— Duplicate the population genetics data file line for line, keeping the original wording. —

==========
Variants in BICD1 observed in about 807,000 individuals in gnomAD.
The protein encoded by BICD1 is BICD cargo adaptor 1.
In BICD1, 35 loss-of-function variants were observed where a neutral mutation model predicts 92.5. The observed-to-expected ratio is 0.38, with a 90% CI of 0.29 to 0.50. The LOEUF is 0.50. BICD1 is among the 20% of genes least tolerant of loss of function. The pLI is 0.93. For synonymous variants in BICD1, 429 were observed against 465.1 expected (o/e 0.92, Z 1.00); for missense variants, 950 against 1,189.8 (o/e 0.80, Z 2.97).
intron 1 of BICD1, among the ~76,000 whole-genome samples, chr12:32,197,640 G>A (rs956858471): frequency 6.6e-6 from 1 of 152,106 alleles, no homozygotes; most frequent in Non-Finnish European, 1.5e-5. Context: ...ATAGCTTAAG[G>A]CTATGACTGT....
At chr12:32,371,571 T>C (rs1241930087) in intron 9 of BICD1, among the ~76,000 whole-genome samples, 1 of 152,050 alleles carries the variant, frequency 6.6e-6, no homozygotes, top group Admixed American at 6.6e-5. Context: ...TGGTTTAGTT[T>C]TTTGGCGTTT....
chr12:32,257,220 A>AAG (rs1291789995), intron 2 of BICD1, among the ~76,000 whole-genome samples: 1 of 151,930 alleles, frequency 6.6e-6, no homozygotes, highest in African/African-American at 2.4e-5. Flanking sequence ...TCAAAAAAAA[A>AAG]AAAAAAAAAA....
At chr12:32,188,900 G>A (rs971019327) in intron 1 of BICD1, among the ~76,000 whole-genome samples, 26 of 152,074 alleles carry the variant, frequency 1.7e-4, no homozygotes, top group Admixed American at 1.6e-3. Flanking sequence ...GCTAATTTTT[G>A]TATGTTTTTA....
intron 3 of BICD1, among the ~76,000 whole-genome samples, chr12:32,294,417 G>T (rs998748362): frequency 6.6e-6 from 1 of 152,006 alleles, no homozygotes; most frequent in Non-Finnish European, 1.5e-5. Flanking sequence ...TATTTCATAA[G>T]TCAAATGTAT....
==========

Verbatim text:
Variants in BICD1 observed in about 807,000 individuals in gnomAD.
The protein encoded by BICD1 is BICD cargo adaptor 1.
In BICD1, 35 loss-of-function variants were observed where a neutral mutation model predicts 92.5. The observed-to-expected ratio is 0.38, with a 90% CI of 0.29 to 0.50. The LOEUF is 0.50. BICD1 is among the 20% of genes least tolerant of loss of function. The pLI is 0.93. For synonymous variants in BICD1, 429 were observed against 465.1 expected (o/e 0.92, Z 1.00); for missense variants, 950 against 1,189.8 (o/e 0.80, Z 2.97).
intron 1 of BICD1, among the ~76,000 whole-genome samples, chr12:32,197,640 G>A (rs956858471): frequency 6.6e-6 from 1 of 152,106 alleles, no homozygotes; most frequent in Non-Finnish European, 1.5e-5. Context: ...ATAGCTTAAG[G>A]CTATGACTGT....
At chr12:32,371,571 T>C (rs1241930087) in intron 9 of BICD1, among the ~76,000 whole-genome samples, 1 of 152,050 alleles carries the variant, frequency 6.6e-6, no homozygotes, top group Admixed American at 6.6e-5. Context: ...TGGTTTAGTT[T>C]TTTGGCGTTT....
chr12:32,257,220 A>AAG (rs1291789995), intron 2 of BICD1, among the ~76,000 whole-genome samples: 1 of 151,930 alleles, frequency 6.6e-6, no homozygotes, highest in African/African-American at 2.4e-5. Flanking sequence ...TCAAAAAAAA[A>AAG]AAAAAAAAAA....
At chr12:32,188,900 G>A (rs971019327) in intron 1 of BICD1, among the ~76,000 whole-genome samples, 26 of 152,074 alleles carry the variant, frequency 1.7e-4, no homozygotes, top group Admixed American at 1.6e-3. Flanking sequence ...GCTAATTTTT[G>A]TATGTTTTTA....
intron 3 of BICD1, among the ~76,000 whole-genome samples, chr12:32,294,417 G>T (rs998748362): frequency 6.6e-6 from 1 of 152,006 alleles, no homozygotes; most frequent in Non-Finnish European, 1.5e-5. Flanking sequence ...TATTTCATAA[G>T]TCAAATGTAT....